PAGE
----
In their efforts to influence Cambodia’s political allegiance, the United States and China have adopted different aid and development strategies. The United States has been the strongest supporter of social, economic, and political development, democratization, trade, investment, regional security, civil society, and most importantly, human rights. China, though, has been the strongest supporter for developing infrastructure such as roads, bridges and public buildings, and without attaching conditions. The key strategic interests of the two nations in Cambodia are that the United States seeks to strengthen democracy and the rule of law, whereas China places greater emphasis on natural resources, business and political advantage. Moreover, U.S. aid is subject to strict conditions, while Chinese aid has ‘no strings attached’.
Cambodia’s strategic environment is complex. Not only are the United States and China competing for influence in Cambodia, but also in the ASEAN region generally and with Cambodia’s immediate neighbors. While China has strong relations with Thailand and the United States, Vietnam has stepped up its relationship with the United States aiming to strike a balance against Chinese influence in the region. China has recently undertaken activity to reclaim land in the South China Sea such as construction of Mischief Reef in the Spratly Islands. This has become a source of tension between China and a number of the ASEAN nations, particularly the Philippines and Vietnam. Maintaining good relations with each of these countries is considered important for Cambodia. As such, it will be important to be mindful of the challenges imposed by these tensions and to find a way to work effectively with each of the nations involved.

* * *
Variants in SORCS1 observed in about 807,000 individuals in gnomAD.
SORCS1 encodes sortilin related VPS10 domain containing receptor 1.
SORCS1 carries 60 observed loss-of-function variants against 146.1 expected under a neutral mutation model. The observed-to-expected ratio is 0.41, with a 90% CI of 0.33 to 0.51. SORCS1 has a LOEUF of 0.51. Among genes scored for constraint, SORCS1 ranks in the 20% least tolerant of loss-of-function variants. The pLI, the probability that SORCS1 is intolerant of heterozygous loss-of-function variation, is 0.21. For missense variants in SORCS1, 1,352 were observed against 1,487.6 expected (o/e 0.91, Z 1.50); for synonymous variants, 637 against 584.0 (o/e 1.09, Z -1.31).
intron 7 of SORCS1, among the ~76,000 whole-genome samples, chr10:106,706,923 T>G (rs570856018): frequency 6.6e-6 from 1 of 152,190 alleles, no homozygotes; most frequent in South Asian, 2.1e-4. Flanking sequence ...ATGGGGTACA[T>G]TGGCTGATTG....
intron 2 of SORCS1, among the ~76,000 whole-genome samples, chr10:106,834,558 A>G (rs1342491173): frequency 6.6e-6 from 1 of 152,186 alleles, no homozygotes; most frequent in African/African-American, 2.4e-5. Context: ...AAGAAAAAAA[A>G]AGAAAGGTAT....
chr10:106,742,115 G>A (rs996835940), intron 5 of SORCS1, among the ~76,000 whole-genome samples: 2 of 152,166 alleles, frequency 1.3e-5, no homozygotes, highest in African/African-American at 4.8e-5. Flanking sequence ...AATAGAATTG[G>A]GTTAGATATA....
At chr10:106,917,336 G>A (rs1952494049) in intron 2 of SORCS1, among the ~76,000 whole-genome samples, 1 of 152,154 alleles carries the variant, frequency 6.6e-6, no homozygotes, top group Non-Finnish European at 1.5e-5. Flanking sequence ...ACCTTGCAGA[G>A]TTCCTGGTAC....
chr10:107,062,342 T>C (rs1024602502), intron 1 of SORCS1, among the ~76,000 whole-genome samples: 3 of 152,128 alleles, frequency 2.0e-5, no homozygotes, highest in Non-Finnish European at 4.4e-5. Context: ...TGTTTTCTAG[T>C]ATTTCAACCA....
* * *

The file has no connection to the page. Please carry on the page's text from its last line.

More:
The current conflict is likely to be increasingly tense as Vietnam’s Prime Minister Nguyen Tan Dung had warned his ASEAN colleagues in May 2014 that China’s land reclamation in the South China Sea is an “extremely dangerous action” directly endangering peace, stability, security, and marine safety. Both Vietnam and the Philippines undoubtedly expected stronger support from their ASEAN member’s states.
During ASEAN’s 26th Summit held in Malaysia, the grouping issued a strong statement expressing “serious concerns” about China’s aggressive action in the sea and calling for quicker action in negotiating a code of conduct between China and regional grouping. However, given that all ASEAN members have tremendous economic benefit from China, the statement is unlikely to change China’s calculus. As a consequence, Chinese dominance in the South China Sea is highly probable to be eventually accepted. Thus, Cambodia will need to keep an eye on its neighbors at the same time as it strikes a balance between them as well as between the United States and China. It must also balance relations with other U.S. allies such as Japan, South Korea and Australia which are major donors for Cambodia’s economic and social development.